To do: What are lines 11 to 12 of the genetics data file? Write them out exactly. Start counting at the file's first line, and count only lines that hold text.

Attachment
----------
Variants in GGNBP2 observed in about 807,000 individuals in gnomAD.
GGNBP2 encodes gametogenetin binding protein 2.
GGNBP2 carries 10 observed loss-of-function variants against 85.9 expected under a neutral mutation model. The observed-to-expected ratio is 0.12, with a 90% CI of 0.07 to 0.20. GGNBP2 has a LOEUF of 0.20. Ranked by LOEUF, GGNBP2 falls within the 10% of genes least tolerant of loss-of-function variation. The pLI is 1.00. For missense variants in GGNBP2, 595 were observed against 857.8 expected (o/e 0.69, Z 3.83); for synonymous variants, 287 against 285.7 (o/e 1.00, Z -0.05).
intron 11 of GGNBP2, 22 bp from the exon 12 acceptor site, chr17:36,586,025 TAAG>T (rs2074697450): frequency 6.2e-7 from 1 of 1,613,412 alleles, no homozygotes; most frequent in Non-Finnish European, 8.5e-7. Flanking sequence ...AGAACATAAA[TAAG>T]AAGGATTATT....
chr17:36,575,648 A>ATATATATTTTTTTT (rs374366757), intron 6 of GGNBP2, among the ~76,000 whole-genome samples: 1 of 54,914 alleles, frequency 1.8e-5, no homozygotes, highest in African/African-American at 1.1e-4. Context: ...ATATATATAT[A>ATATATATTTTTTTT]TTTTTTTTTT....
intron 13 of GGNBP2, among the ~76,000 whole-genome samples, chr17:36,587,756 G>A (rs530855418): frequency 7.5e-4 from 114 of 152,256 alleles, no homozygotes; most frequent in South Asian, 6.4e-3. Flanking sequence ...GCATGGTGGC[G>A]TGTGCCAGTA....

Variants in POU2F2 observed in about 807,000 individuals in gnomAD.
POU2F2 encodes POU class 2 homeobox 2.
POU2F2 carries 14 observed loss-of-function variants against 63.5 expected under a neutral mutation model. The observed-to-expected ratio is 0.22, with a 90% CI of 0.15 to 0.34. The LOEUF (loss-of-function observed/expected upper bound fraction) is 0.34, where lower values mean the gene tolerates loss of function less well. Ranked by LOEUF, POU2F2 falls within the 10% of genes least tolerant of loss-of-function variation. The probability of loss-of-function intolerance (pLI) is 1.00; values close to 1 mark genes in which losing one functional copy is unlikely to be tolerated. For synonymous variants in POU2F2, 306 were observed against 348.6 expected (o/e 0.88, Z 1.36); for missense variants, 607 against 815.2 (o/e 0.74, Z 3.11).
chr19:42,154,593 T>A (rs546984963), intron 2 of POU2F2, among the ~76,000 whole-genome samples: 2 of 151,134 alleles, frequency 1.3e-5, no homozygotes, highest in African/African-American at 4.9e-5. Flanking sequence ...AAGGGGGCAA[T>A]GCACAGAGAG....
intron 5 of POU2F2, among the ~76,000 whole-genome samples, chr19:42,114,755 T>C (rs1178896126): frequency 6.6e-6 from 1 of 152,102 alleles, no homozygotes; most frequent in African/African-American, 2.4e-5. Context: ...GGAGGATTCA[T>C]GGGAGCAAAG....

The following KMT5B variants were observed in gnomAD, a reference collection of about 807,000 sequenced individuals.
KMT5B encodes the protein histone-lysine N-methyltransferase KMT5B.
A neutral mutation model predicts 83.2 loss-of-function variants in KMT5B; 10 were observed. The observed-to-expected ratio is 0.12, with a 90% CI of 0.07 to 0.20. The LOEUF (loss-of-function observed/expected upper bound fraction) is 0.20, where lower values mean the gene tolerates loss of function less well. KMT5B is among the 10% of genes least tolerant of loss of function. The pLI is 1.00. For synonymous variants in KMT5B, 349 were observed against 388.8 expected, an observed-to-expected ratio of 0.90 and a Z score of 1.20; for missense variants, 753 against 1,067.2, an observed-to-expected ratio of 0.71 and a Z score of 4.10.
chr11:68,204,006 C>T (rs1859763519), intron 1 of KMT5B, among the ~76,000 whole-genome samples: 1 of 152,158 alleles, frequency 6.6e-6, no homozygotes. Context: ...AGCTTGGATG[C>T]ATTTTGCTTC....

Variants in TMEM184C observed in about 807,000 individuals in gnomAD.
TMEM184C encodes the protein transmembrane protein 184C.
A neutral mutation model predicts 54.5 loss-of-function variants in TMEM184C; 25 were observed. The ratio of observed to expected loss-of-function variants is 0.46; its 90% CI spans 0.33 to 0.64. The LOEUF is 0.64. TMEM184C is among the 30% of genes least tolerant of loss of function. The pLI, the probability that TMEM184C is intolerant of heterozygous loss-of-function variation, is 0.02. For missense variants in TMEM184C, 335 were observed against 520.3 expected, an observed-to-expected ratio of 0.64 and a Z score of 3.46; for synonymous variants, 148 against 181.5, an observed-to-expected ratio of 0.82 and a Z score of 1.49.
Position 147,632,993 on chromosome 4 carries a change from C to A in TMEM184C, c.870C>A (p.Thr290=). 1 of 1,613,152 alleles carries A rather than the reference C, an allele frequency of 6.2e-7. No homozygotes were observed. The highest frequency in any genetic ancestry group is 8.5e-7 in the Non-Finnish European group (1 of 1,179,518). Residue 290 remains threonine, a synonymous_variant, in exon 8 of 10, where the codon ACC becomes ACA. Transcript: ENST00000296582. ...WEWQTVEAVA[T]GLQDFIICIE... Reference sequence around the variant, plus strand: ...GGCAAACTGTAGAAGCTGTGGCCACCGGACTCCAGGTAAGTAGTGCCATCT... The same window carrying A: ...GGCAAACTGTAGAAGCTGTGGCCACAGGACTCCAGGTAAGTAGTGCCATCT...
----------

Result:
intron 5 of POU2F2, among the ~76,000 whole-genome samples, chr19:42,114,755 T>C (rs1178896126): frequency 6.6e-6 from 1 of 152,102 alleles, no homozygotes; most frequent in African/African-American, 2.4e-5. Context: ...GGAGGATTCA[T>C]GGGAGCAAAG....

The following KMT5B variants were observed in gnomAD, a reference collection of about 807,000 sequenced individuals.